If you reload, you can load a light load for a 12 gauge to reduce recoil. The other consideration is the weight of the gun. He needs to be strong enough to hold up the gun with the proper form for as many rounds as he is going to shoot. What usually happens is that as he gets tired, he will start to lean back, rather than lean forward, to balance the weight of the gun, then his form goes to heck. Short stocked, short barrelled 12 or 20 gauge semi-auto will probably be his next step, when he is ready. Mark
See if Phil will loan you the $4000 that it will take to get that setup, just on the chance your 11 year old, that is shooting a 410, might be able to handle a 9 pound gun. Just an example of getting all kinds of advice on a forum. He is asking how big his kid should be, to shoot a 12 gauge, not what gun to buy. Good advice by BBB. Mark
Take him to a well stock gun shop and have him try an 1100/1187 or 391 in 20ga as well as 12ga and see what fits him. Gauge means squat if he's leaning backwards to cantilever the gun into firing position.
My 10.5 yo son started with a Krieghoff Model 32 O/U in 12 GA-all 75lbs. of him. 2.5 weeks later he broke 25 and shortly after broke 50 straight singles.
The late Frank Little recommended 75 lbs. as the minimum starting weight. Some kids nowadays weigh over 100 lbs. and still aren't strong enough to hold up a gun. If a kid weighs over 100 lbs. and is too weak to hold up a 12 ga. throw out his joy stick first!!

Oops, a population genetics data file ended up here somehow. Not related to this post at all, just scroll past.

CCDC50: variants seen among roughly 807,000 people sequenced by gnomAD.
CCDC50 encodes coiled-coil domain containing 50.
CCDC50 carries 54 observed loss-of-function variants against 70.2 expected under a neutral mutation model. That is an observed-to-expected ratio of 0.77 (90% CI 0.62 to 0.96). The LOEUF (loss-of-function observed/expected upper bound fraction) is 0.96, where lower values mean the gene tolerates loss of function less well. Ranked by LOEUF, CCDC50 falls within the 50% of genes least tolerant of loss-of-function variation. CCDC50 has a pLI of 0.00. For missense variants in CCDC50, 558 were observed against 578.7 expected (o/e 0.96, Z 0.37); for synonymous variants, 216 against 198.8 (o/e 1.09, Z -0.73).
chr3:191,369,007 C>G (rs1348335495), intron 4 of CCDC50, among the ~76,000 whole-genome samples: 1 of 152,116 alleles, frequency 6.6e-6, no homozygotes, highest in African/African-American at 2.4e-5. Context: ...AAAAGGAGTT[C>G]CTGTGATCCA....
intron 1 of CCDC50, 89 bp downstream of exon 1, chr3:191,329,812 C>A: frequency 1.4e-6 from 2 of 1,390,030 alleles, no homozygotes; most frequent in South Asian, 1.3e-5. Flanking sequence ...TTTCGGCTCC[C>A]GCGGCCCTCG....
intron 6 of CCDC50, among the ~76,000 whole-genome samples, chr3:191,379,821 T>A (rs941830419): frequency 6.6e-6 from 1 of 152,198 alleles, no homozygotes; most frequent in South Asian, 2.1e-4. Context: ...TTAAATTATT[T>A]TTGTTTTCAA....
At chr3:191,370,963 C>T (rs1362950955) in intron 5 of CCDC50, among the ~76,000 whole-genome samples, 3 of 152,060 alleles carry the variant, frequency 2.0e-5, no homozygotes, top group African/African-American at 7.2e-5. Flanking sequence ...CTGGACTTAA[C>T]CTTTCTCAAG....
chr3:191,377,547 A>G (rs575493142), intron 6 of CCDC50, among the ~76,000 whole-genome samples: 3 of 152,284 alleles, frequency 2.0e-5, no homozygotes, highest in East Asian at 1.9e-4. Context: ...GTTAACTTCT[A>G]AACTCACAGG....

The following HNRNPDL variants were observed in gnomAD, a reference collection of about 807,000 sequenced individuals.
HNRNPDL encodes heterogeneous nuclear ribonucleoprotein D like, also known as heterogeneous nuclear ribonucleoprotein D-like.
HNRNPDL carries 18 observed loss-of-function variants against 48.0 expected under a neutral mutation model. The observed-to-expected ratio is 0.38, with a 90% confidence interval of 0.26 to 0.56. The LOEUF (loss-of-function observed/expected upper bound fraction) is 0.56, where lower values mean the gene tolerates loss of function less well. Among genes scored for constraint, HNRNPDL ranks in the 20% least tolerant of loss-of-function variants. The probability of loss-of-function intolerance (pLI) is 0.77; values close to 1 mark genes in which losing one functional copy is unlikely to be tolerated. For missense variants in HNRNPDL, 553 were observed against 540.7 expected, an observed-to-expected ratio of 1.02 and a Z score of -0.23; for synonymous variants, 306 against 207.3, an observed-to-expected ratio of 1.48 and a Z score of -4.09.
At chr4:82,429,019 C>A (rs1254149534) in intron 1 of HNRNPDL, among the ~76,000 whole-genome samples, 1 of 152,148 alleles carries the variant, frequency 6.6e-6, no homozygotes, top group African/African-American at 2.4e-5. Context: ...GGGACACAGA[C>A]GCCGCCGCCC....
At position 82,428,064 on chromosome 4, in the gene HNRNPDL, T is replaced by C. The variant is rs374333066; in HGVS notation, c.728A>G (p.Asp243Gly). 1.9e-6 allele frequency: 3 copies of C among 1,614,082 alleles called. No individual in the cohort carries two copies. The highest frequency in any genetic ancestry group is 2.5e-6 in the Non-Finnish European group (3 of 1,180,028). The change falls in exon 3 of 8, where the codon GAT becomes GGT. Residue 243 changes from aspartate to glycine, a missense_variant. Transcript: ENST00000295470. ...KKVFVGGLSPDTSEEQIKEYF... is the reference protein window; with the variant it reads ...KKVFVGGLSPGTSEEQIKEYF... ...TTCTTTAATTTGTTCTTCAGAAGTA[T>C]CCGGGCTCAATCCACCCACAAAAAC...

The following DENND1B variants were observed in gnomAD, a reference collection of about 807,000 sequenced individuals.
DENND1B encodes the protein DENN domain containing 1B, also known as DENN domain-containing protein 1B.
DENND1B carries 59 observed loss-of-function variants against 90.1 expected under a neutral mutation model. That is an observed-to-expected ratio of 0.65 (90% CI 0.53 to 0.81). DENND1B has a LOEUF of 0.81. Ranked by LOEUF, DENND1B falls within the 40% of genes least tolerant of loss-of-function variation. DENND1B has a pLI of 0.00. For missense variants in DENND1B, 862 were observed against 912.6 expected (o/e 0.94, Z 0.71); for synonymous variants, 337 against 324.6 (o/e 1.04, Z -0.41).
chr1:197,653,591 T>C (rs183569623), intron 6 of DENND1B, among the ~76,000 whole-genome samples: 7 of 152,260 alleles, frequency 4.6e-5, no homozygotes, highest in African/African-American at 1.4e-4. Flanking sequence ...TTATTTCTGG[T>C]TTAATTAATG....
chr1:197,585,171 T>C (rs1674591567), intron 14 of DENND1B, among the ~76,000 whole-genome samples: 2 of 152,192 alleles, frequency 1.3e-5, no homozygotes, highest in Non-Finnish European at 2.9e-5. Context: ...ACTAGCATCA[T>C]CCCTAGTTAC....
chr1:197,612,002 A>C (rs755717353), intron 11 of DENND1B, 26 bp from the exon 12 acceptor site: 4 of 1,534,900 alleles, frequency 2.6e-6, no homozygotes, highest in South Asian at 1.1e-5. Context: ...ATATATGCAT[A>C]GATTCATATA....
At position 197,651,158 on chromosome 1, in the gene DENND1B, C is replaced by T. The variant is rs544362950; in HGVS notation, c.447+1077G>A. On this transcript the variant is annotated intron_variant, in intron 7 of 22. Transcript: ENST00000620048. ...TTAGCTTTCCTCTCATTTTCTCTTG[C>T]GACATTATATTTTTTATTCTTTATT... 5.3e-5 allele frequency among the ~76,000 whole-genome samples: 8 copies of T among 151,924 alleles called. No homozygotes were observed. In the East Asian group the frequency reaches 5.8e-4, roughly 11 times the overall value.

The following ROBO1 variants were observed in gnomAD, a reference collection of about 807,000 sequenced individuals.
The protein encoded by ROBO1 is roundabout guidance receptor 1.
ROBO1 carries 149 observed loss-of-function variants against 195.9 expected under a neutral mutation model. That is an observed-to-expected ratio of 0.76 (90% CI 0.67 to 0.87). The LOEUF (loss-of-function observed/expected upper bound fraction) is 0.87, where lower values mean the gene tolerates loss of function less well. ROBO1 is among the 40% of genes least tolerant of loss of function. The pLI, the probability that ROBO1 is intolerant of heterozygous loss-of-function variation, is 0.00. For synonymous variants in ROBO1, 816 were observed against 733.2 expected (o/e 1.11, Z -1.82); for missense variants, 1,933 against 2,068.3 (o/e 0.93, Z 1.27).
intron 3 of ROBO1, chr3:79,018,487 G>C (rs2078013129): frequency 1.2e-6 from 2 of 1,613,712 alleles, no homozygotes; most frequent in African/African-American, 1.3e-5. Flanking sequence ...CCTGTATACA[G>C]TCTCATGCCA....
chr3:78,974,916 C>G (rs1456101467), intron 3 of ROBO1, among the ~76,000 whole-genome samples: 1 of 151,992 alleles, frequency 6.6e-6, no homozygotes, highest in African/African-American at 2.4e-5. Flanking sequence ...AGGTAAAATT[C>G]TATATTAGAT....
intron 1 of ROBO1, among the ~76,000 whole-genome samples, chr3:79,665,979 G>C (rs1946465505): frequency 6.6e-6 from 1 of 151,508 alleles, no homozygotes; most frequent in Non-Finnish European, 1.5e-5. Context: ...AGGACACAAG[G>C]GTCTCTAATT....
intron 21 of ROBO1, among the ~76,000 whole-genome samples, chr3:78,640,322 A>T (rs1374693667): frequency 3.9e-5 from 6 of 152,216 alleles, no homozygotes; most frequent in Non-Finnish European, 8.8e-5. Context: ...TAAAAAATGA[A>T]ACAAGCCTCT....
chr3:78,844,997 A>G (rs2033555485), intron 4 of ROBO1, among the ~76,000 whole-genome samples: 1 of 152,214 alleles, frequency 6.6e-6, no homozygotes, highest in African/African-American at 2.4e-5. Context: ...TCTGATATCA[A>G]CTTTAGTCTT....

my duaghter started @ age 11 w/ a 391 parallel target RL 28in shooting --1oz estate 8's (and there is a differance , rios 1oz ,she wont shoot-they had a smack to them) no she cudnt do a 25 round --i started shooting the same load so we were the same--goodluck
My son was on a cut down BT-99 at age 8. The barrel was shortened to 30" and the stock cut down to fit him, which is the most important aspect next to loading light loads (7/8 oz) You don't want to turn him away before he ever gets started due to recoil. Break open guns are less complicated for a new shooter and for that reason are safer.
My son and I did gun lifts nightly for three or for weeks until he could do(50per session) along with safety training in the garage before he ever fired a shot. We went to the range and fired ten or so shots away from the fields to get eveything down pat. When we walked onto the field to shoot a round he knew the program, even so, I stood behind him for the first five or so rounds he shot during our first couple trips to the range to make sure he stayed safe.
I'm not a big proponent of starting someone on a 20 gauge, cost of ammo and limited payload are the downsides. if automatic is only the thing that fits your budget, then that's the way go. A cut down 1100 or Beretta 3901RL are good automatics as others have suggested.
My view is to start a new shooter on gun they can learn and stay with, its easier and less costly to up the payload as the shooter becomes more proficient than to start all over on a new gun.
They key all of this is preparation, gun lifts and saftey and everything else falls into place.